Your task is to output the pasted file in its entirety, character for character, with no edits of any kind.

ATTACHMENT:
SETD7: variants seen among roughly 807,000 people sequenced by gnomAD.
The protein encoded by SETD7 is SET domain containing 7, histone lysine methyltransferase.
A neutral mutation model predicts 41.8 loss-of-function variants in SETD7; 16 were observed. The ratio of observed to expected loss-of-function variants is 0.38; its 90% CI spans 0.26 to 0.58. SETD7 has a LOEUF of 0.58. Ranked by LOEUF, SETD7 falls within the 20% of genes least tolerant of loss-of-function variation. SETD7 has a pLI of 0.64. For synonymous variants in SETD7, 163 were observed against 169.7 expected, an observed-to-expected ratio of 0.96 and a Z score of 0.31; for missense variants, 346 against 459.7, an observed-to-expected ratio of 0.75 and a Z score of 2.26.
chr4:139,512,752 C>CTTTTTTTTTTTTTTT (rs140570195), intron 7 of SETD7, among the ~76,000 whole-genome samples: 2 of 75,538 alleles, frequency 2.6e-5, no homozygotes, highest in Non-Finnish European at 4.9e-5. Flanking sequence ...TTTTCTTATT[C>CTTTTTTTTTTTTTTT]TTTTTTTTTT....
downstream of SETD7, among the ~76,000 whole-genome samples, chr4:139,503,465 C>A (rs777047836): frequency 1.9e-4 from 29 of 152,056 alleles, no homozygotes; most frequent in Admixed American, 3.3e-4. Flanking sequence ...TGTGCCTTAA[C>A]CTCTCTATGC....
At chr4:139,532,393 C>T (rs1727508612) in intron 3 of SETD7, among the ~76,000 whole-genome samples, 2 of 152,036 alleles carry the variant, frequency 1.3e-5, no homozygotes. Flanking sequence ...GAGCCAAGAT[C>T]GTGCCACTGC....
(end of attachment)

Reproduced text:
SETD7: variants seen among roughly 807,000 people sequenced by gnomAD.
The protein encoded by SETD7 is SET domain containing 7, histone lysine methyltransferase.
A neutral mutation model predicts 41.8 loss-of-function variants in SETD7; 16 were observed. The ratio of observed to expected loss-of-function variants is 0.38; its 90% CI spans 0.26 to 0.58. SETD7 has a LOEUF of 0.58. Ranked by LOEUF, SETD7 falls within the 20% of genes least tolerant of loss-of-function variation. SETD7 has a pLI of 0.64. For synonymous variants in SETD7, 163 were observed against 169.7 expected, an observed-to-expected ratio of 0.96 and a Z score of 0.31; for missense variants, 346 against 459.7, an observed-to-expected ratio of 0.75 and a Z score of 2.26.
chr4:139,512,752 C>CTTTTTTTTTTTTTTT (rs140570195), intron 7 of SETD7, among the ~76,000 whole-genome samples: 2 of 75,538 alleles, frequency 2.6e-5, no homozygotes, highest in Non-Finnish European at 4.9e-5. Flanking sequence ...TTTTCTTATT[C>CTTTTTTTTTTTTTTT]TTTTTTTTTT....
downstream of SETD7, among the ~76,000 whole-genome samples, chr4:139,503,465 C>A (rs777047836): frequency 1.9e-4 from 29 of 152,056 alleles, no homozygotes; most frequent in Admixed American, 3.3e-4. Flanking sequence ...TGTGCCTTAA[C>A]CTCTCTATGC....
At chr4:139,532,393 C>T (rs1727508612) in intron 3 of SETD7, among the ~76,000 whole-genome samples, 2 of 152,036 alleles carry the variant, frequency 1.3e-5, no homozygotes. Flanking sequence ...GAGCCAAGAT[C>T]GTGCCACTGC....